Joint Center Releases 1999 National Count Of Black Elected Officials

Joint Center Releases 1999 National Count Of Black Elected Officials

Washington
The Joint Center for Political and Economic Studies last month released its 1999 count of Black elected officials, showing a net increase of 68 for a total of 8,936 between January 1998 and January 1999. With this increase, the representation of Black elected officials among all elected officials remains 1.7 percent. Black Elected Officials: A Statistical Summary, 1999 encompasses federal, state, municipal and local officials, including those in law enforcement and education. The Joint Center has been tracking the number of Black elected officials since 1970 when they numbered 1,469.
“The conduct of redistricting over the next two years will be a significant factor in determining the number of African Americans holding elected office around the country,” says Eddie N. Williams, president of the Joint Center.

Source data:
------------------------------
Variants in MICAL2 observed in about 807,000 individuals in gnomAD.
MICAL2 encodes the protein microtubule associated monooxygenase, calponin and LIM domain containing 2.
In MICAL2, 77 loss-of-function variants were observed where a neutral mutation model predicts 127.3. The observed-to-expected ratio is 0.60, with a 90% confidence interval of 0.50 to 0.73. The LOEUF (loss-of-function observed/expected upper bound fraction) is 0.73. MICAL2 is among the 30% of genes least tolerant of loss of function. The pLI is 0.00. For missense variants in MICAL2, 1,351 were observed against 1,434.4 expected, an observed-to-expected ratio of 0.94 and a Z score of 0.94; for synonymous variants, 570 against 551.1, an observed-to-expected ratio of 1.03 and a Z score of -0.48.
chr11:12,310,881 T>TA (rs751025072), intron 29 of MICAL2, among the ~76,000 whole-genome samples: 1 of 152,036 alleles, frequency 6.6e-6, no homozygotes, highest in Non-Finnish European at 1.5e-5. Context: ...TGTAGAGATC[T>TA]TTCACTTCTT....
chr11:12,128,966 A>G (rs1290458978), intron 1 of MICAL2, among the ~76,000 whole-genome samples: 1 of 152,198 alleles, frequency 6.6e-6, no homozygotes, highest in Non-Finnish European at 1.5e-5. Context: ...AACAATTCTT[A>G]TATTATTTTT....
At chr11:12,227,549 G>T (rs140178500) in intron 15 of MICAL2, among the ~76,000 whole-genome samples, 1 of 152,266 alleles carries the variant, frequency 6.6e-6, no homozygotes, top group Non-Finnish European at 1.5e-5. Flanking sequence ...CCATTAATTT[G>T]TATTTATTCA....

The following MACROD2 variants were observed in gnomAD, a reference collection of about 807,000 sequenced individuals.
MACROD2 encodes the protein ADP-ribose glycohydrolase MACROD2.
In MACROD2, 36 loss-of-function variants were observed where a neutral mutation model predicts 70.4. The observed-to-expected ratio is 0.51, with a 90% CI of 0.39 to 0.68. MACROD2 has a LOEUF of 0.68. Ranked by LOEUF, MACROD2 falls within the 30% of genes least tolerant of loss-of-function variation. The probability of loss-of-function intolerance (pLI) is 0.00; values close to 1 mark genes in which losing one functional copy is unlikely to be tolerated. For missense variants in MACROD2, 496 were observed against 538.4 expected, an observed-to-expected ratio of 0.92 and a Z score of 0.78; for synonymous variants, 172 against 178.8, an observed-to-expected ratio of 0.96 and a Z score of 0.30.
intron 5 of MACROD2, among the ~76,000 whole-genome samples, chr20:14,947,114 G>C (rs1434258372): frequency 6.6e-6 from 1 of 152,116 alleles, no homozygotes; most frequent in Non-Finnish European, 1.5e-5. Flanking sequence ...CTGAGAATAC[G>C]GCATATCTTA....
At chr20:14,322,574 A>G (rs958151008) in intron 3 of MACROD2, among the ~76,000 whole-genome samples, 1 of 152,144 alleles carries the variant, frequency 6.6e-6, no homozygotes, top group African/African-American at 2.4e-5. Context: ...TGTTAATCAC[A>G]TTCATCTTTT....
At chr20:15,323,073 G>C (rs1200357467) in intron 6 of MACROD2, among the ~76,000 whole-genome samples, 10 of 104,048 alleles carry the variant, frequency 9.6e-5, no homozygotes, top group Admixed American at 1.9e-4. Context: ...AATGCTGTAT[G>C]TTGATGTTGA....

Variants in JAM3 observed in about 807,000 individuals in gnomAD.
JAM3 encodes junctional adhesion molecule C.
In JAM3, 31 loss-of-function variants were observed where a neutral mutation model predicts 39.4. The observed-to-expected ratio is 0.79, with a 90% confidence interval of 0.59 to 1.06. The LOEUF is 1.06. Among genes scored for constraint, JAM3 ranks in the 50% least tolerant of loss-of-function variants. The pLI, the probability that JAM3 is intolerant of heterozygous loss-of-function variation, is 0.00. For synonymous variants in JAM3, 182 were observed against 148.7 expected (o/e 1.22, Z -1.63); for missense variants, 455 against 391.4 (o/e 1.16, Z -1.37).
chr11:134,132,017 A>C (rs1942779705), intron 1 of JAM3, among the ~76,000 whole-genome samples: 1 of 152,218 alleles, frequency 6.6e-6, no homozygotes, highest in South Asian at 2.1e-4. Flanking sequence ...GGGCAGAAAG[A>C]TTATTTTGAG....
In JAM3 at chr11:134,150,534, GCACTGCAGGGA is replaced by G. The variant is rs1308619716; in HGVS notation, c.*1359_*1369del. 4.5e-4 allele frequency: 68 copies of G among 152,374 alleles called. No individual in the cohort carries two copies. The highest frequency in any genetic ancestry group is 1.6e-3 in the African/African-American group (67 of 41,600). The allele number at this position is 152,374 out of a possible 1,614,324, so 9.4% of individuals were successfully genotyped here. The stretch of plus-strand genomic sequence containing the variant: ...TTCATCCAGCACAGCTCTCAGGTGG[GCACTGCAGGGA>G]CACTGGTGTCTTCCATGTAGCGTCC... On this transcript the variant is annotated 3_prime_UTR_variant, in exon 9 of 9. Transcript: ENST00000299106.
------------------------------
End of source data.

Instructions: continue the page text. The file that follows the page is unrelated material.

There were increases of Black elected officials in 19 states and the District of Columbia, as well as in the U.S. Virgin Islands. There were no change in 15 states and decreases in 16. The top five states remained unchanged from 1998: Mississippi, 850; Alabama, 725; Louisiana, 714; Illinois, 627; and Georgia, 584. Of the top 10 states in 1999, five reached historically high numbers of Black elected officials: Arkansas had 504 while Illinois, Mississippi, Ohio and Texas had 479. Ohio, with 284, replaced Virginia as the state with the 10th largest number of Black elected officials. 



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